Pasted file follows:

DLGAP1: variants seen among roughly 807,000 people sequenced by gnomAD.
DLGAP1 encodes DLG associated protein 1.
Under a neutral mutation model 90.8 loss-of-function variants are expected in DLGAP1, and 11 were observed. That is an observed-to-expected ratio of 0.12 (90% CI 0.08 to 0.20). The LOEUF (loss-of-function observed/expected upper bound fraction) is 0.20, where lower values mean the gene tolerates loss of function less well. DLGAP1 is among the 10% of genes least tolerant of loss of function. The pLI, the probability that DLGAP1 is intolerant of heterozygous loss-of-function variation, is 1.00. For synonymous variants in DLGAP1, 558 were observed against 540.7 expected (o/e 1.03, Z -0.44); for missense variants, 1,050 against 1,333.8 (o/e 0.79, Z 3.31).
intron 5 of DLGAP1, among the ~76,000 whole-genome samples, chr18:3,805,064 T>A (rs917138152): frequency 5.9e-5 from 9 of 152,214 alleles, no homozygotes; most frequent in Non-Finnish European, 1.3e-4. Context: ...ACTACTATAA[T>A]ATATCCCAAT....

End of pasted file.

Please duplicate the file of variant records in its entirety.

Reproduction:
DLGAP1: variants seen among roughly 807,000 people sequenced by gnomAD.
DLGAP1 encodes DLG associated protein 1.
Under a neutral mutation model 90.8 loss-of-function variants are expected in DLGAP1, and 11 were observed. That is an observed-to-expected ratio of 0.12 (90% CI 0.08 to 0.20). The LOEUF (loss-of-function observed/expected upper bound fraction) is 0.20, where lower values mean the gene tolerates loss of function less well. DLGAP1 is among the 10% of genes least tolerant of loss of function. The pLI, the probability that DLGAP1 is intolerant of heterozygous loss-of-function variation, is 1.00. For synonymous variants in DLGAP1, 558 were observed against 540.7 expected (o/e 1.03, Z -0.44); for missense variants, 1,050 against 1,333.8 (o/e 0.79, Z 3.31).
intron 5 of DLGAP1, among the ~76,000 whole-genome samples, chr18:3,805,064 T>A (rs917138152): frequency 5.9e-5 from 9 of 152,214 alleles, no homozygotes; most frequent in Non-Finnish European, 1.3e-4. Context: ...ACTACTATAA[T>A]ATATCCCAAT....